Apparel is one of those categories whose fortunes on the web rise and fall. Sometimes apparel is among the leading categories in sales volume and sometimes it`s at the bottom. But there are some apparel e-retailers who had it figured out from the start and whose individual fortunes are not dependent on what the category does.
In that group is the clear leader in online apparel sales: Lands` End. For the fourth year in a row, Lands` End appears on Internet Retailer`s Best of the Web, testament to the foresight of Lands` End`s management, the company`s stellar online execution and the power of the web in apparel retailing. Lands` End is one of those sites that others learn from. It pioneered on the web, it was the first major retailer to adopt online fitting technology, it was the first to make a business of the online sale of custom clothing, and it`s highly regarded for its excellent fulfillment-a strength it carried over from its years as a catalog operation. The quality of its online execution is so widely recognized that when Sears, Roebuck and Co. bought Lands` End, it put Lands` End executives in charge of Sears` online and catalog operations, over Sears executives. "That recognition of Lands` End`s leadership shows what the web can do with good merchandising and marketing," says Chris Merritt, a principal with consultants Kurt Salmon Associates.
Part of Lands` End online success is the result of its catalog background, where the infrastructure for remote selling already existed. But a catalog background is not a prerequisite for success on the web. Buckle.com, a 300-store chain of apparel for young people, also has found unique ways to leverage the web. For instance, it engages shoppers by asking them to identify emerging trends and say why they think that fashion trend will take hold. It then posts the opinions along with an example from the Buckle inventory, if it exists. It also links the web and the stores in interesting ways. One of the most innovative is to award concert tickets to contest winners online, then require that they pick up the tickets in stores. "It drives excitement both online and offline," says Lydia Pierson, director of e-commerce.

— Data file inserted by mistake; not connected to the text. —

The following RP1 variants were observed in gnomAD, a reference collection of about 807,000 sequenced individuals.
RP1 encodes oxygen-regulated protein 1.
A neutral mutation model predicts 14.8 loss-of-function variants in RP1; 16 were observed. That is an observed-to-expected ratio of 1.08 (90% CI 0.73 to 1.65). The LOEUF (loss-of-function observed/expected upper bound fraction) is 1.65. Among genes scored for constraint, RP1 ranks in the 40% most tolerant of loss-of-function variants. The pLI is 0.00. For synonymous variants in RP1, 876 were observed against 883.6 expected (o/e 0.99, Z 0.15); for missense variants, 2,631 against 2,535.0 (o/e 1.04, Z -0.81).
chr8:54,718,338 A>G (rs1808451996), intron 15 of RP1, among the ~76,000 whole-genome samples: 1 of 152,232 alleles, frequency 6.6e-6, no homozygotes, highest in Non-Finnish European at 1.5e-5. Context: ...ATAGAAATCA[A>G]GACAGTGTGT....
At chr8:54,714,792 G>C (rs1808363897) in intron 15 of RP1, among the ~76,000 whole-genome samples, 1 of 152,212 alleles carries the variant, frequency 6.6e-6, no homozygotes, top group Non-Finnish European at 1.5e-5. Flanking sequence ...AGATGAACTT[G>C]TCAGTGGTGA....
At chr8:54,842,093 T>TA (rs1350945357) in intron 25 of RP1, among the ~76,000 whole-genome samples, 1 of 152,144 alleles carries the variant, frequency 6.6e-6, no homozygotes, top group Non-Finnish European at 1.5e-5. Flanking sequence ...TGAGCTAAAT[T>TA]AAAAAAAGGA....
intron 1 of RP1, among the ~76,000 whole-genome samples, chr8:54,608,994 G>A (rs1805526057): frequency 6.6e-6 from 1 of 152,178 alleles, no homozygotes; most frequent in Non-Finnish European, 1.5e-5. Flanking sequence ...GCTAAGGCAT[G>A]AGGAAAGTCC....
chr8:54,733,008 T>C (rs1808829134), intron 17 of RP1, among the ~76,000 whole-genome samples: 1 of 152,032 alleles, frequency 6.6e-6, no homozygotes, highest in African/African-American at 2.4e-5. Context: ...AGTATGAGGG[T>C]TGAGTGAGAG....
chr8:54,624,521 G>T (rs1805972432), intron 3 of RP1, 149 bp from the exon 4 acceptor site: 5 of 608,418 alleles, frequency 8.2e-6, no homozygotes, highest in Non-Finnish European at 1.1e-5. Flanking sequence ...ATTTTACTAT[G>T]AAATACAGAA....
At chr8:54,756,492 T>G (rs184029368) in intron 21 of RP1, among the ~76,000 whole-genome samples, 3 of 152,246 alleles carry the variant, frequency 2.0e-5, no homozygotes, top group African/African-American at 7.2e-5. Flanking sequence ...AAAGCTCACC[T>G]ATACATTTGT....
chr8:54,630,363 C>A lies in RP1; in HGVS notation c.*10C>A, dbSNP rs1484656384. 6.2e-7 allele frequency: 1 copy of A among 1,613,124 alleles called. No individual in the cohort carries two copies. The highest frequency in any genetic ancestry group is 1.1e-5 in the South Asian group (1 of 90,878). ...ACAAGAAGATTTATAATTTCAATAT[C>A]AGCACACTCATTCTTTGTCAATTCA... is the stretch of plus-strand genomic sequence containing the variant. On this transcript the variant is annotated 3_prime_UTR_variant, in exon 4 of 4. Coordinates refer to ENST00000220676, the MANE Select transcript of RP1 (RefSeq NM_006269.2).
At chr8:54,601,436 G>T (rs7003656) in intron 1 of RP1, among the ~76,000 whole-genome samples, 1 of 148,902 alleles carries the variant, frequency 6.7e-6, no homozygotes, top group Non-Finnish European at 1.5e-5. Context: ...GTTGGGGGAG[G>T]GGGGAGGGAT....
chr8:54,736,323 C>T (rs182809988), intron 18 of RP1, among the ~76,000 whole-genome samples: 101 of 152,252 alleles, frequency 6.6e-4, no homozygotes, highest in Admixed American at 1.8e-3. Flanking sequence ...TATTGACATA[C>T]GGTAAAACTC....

And then there are the sites that are neither chains nor catalogs. They succeed by virtue of focusing on a category and executing well, such as eBags. Depth of selection, creative marketing that ties directly into their products and persistence all add up to profits for the pure-play bag retailer. In an acknowledgement of the inevitable, though, eBags mailed its first catalog last month.
Dude, check it out
The Buckle Inc., with more than 300 stores in 37 states, specializes in selling apparel as a lifestyle to the under-30 crowd. An important part of its strategy is to communicate directly and on several levels with its young, fashion-conscious customers, making Buckle.com a key part of its success. “The younger consumer is very savvy,” says Lydia Pierson, director of e-commerce. And Buckle.com uses several means to both understand and leverage that savvy in ways that aren’t possible in stores.
A TrendWatch program offered on the web site, for example, elicits direct input from the 12-to-24-year-old customer base on what styles they see becoming popular. Buckle invites shoppers to write a note explaining why they think a certain style will emerge, and then posts their comments on Buckle.com. It’s both fun and serious business, Pierson says. The young shoppers make up a playful nickname to identify themselves, and if Buckle has a product that fits their predicted trend it will display it alongside the posted comments.
“It’s a great way for guests to interact with us, and it’s a great way for us to learn about trends,” Pierson says. She adds that TrendWatch comments are forwarded to Buckle’s merchandising experts to make them aware of potential trends. “We take it very seriously,” she says.
Buckle.com leverages its communication with customers in other ways too. It acted on a customer’s suggestion to improve its Send to a Friend service, which enables shoppers to e-mail information on Buckle products. Thanks to the customer’s suggestion, shoppers now can also send links to product images so their friends can see what they’re writing about.
Buckle.com also works closely with Buckle stores to coordinate sweepstakes, such as for rock concert tickets. In several cases, tickets won online must be picked up at a store. “It really drives excitement both online and in stores,” Pierson says.
At the same time, Buckle.com has been working hard to make online shopping easier and more enjoyable. It offers a search function that allows shoppers to search by style, brand and price, and when searching for denim, also by fabric finish. Shoppers can also browse by gender or brand or a combination of the two. A Go Figure section for women offers tips on choosing clothes that complement particular body types.
As part of a recent site redesign, Buckle has upped the quality of its images, adopting 3D technology in addition to its See a Larger View feature. “We like to show the wonderful details on products and get as close to hand-feel as we can online.” says Pierson.